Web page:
Friday, April 28, 2017

Digital Delving

These past weeks of trying out various digital sketch programs as well as more full-featured ones has been a great chance to work on all kinds of images and ideas. The programs in question are mostly easy to use even for a non-techie, with results ranging from passable to excellent. These are some of them.

The first image turned out to be a cartoon. I began with a simple sketch of two people visiting a museum, but it changed. The New Yorker has carried this style of cartoon for decades. For some reason while I was doing a sketch of a museum using Sketchbook and a Wacom tablet the idea of money as abstract art popped up. Maybe it was simply the way the image evolved that made me think of this style of cartoon. That, and the thought that in real terms, abstract art these days is money.

The next image is a drawing of the sculptor Camille Claudel based on a well-known photograph of her, taken when she was twenty. Ms. Claudel's story is a tragic one. She showed signs of being a talented sculptor while still a child, and received encouragement from her father. Eventually she went to Paris at an early age and became involved with Rodin, the world-famous sculptor. Ms. Claudel lived with him openly (though he was nearly twenty years older, and married), for which she was condemned and shunned by her family, even a beloved brother. She parted from Rodin, struggled with mental illness and was at last confined involuntarily until the end of her life and mostly forgotten. Yet she was a truly gifted sculptor whose work is now in the collections of a number of museums, including a newly-opened one in her home town in France. This drawing was done using Sketchbook and a Wacom tablet.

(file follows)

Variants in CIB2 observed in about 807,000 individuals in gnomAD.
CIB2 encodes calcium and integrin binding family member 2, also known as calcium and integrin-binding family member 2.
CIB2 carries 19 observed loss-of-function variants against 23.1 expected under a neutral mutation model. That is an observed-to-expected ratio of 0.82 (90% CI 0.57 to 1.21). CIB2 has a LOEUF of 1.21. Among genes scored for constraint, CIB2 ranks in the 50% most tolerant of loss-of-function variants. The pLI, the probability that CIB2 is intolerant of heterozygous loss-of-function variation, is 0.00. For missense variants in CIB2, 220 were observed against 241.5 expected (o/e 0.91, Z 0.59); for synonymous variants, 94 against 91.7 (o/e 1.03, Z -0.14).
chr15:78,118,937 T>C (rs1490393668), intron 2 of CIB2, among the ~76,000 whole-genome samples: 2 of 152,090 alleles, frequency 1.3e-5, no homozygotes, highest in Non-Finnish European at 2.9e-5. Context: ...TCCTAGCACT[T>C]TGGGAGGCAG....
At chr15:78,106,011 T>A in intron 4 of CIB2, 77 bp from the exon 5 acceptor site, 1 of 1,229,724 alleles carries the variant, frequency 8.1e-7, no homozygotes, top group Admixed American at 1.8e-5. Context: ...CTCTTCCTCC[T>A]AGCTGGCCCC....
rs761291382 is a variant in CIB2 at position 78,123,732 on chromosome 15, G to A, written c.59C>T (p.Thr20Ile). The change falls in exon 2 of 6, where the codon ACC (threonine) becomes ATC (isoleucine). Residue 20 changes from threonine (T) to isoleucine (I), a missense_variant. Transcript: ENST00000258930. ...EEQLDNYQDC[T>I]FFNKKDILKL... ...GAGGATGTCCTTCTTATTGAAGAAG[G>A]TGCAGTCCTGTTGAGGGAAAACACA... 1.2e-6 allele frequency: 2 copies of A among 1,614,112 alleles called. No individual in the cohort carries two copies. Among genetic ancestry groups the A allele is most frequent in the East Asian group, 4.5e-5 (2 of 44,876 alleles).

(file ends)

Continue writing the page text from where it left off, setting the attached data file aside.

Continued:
And here are two studies, "painted" using ArtRage5. The yellow one is the official bird of the state of Iowa, a goldfinch. The other is completely imaginary but based on the American robin.



The more I use these programs, the more I like them. They provide flexibility. It's possible to revise or rearrange much of an image without the problems with tangible media like graphite or paint. No erasing, or painting over. For me, simple and quick manipulation makes study easier. Digital works of these kinds are becoming more and more useful for me as I approach paintings in the real world.
Post a Comment